Normally your Internet Service Provider (ISP) controls the settings you can use to connect to internet. They also have their own Domain Name System (DNS). But accidentally I found out that while that is the normal way, we can still improve its speed. And the trick lies in not relying blindly onto the DNS used and provided by our ISP.
What is DNS anyway?
An often-used analogy to explain the Domain Name System is that it serves as the phone book for the Internet by translating human-friendly computer hostnames into IP addresses. For example, the domain name www.example.com translates to the addresses 18.104.22.168 (IPv4) and 2001:500:88:200::10 (IPv6). Unlike a phone book, the DNS can be quickly updated, allowing a service's location on the network to change without affecting the end users, who continue to use the same host name. Users take advantage of this when they use meaningful Uniform Resource Locators (URLs) and e-mail addresses without having to know how the computer actually locates the services - Wikipedia
It simply says that because we as humans remember names better than number combinations, then DNS is responsible in translating for instance sandstorm36.blogspot.com into its corresponding IP Address. Imagine if we don't have DNS, then instead of saying "google it", you would end up saying "22.214.171.124 it!". LOL!
So how does choosing the best DNS affects our browsing speed? Well the better and more complete the phone book is, the better result we can get.
And since our internet response is really very slow here in Papua New Guinea, that I really needed to do a constant refreshing/reloading of the webpage just so I can browse it, I decided to look for an alternative DNS, the one that is likewise best nearest to this City and Country.
And the best tool (the one I know so far) is GRC's Domain Name Server Benchmark Tool provided to us by Steve Gibson. The size of that tool is very small and what it will do is perform a benchmark test of the available DNS and tells you which of those are best for your need based on your location. Here is a sample image of that tool in action.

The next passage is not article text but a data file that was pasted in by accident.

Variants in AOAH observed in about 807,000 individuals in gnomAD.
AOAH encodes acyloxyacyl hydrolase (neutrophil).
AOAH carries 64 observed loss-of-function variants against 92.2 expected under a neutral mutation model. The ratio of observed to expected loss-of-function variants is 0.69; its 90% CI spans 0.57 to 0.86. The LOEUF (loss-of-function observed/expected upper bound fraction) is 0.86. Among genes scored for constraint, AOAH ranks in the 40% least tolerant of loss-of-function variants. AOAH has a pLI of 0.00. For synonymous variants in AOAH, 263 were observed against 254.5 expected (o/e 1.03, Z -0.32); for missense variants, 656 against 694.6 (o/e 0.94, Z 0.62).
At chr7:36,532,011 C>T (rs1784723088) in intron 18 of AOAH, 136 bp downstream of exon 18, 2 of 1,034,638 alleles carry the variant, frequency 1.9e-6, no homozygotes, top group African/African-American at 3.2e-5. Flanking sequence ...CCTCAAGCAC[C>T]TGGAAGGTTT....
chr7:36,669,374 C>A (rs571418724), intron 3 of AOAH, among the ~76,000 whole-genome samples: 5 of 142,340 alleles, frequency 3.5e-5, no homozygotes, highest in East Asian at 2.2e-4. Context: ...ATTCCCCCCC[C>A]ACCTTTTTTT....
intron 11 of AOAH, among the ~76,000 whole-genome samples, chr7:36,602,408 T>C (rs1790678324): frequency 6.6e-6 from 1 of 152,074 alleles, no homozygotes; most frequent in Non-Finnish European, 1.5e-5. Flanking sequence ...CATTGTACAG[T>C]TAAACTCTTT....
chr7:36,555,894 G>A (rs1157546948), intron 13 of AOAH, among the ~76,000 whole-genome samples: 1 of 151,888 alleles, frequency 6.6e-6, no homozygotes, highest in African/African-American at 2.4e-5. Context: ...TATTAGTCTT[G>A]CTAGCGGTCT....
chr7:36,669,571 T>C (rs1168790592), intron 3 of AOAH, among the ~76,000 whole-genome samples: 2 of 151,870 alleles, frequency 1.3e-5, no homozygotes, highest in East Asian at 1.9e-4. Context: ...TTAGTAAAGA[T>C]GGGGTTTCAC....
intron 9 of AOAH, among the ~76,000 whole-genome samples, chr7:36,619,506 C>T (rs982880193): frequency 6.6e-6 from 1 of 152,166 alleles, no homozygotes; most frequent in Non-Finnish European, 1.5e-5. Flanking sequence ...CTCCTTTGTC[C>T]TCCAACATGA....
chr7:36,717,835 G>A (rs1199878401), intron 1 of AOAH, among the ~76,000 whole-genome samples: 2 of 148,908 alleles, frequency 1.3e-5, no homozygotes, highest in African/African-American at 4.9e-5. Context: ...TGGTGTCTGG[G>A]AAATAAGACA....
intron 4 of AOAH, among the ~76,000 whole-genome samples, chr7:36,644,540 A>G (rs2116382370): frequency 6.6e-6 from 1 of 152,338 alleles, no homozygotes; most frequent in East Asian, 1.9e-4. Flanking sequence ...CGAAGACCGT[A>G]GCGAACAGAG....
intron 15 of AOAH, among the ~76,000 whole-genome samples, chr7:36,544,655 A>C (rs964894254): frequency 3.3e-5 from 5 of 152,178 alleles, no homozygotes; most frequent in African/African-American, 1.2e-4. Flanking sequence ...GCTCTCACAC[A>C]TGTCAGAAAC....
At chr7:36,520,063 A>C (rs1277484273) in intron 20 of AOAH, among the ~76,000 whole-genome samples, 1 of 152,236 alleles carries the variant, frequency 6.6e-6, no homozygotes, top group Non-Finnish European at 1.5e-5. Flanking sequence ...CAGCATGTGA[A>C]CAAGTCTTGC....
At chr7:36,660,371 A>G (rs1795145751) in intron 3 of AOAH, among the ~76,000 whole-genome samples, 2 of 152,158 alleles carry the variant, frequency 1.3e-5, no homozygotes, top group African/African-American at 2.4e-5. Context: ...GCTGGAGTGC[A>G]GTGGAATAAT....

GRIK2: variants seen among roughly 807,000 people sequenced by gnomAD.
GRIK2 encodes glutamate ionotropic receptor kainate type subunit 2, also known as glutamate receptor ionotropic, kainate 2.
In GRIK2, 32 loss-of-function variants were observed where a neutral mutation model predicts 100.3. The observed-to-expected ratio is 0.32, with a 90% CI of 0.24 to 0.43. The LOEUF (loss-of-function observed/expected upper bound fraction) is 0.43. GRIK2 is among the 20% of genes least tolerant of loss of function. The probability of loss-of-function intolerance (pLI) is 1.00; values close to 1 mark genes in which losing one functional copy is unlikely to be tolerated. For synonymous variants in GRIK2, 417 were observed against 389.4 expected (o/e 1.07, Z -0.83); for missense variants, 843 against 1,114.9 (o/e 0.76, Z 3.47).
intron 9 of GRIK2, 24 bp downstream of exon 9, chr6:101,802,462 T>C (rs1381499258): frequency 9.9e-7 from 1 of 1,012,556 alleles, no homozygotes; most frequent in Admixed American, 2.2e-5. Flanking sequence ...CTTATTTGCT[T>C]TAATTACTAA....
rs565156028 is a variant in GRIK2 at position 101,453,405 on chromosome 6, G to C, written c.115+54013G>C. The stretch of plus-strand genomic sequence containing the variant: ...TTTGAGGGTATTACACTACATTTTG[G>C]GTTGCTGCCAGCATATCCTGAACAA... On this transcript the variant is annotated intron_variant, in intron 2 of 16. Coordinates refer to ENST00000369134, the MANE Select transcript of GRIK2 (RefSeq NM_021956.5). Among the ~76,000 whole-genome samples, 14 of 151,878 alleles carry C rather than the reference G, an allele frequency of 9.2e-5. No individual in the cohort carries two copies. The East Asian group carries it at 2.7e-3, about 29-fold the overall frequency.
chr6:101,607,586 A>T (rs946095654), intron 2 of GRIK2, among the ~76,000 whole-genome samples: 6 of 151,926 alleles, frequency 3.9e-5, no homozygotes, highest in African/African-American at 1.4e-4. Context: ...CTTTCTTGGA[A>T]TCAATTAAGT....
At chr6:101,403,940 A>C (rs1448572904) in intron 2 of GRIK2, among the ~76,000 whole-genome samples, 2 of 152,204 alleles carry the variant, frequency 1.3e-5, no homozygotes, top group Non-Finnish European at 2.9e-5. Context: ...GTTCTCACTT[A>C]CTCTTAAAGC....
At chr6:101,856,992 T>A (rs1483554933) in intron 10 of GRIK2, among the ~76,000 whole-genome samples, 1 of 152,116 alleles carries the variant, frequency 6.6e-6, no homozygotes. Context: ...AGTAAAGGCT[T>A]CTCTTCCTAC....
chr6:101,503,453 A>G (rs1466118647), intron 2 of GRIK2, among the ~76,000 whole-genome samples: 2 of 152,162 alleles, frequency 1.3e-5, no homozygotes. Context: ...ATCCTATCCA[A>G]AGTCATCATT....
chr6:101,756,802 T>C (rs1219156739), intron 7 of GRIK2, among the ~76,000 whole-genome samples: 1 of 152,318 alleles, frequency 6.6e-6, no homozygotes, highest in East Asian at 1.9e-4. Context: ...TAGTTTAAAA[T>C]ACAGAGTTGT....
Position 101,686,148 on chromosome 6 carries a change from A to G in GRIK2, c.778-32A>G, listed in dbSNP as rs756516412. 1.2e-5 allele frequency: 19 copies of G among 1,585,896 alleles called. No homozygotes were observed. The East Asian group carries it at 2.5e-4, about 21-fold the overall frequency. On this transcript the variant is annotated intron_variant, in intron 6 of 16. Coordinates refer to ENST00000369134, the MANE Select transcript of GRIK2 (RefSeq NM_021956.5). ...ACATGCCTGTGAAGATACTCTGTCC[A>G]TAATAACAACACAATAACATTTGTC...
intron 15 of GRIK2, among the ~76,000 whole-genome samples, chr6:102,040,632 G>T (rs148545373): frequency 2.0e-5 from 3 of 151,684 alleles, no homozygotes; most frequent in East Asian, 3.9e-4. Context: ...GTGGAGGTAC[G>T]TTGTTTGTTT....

The first benchmark I ran on my end shows our ISP's DNS to be 4th in the ranking. Number one is of course our server's domain followed by Google's Public DNS of 126.96.36.199. and on the 3rd slot its 188.8.131.52. Second run moves our ISP's DNS down to the 6th place while Google's retain its top positions. Third and fourth run show's our ISP to be on the 2nd beating Google's Public DNS.
But since I have been using our ISP's DNS and never got a satisfactory result, I tried using Google's 184.108.40.206 and my oh my, I am impressed with the renewed vigor of browsing speed. While sometimes I still need to reload the webpage, its occurrence is now comparably minimal.
However, just to make sure I will get the best of both worlds, I put all three DNS making 220.127.116.11 as the preferred followed by 18.104.22.168 and last our ISP's. That is just an added precaution that should the preferred DNS fails, I have the other two as fallback.
You can find the tool for DNS Benchmarking here as well as some write-ups over that. https://www.grc.com/dns/benchmark.htm
Another alternative good Free DNS that is always within the top 10 of the benchmark test I ran is OpenDNS' 22.214.171.124 and 126.96.36.199. Check it out here: http://www.opendns.com/
Anyway, the purpose of this blog is to let you know how to check for alternative DNS and on how to choose wisely via the DNS Benchamarking tool plus performing your own tests. And for this to work, you have to make your DNS configuration Static. I hope that switching to Google's Public DNS or any of the top DNS that will be shown on the benchmark result may prove to be faster on your end as in mine.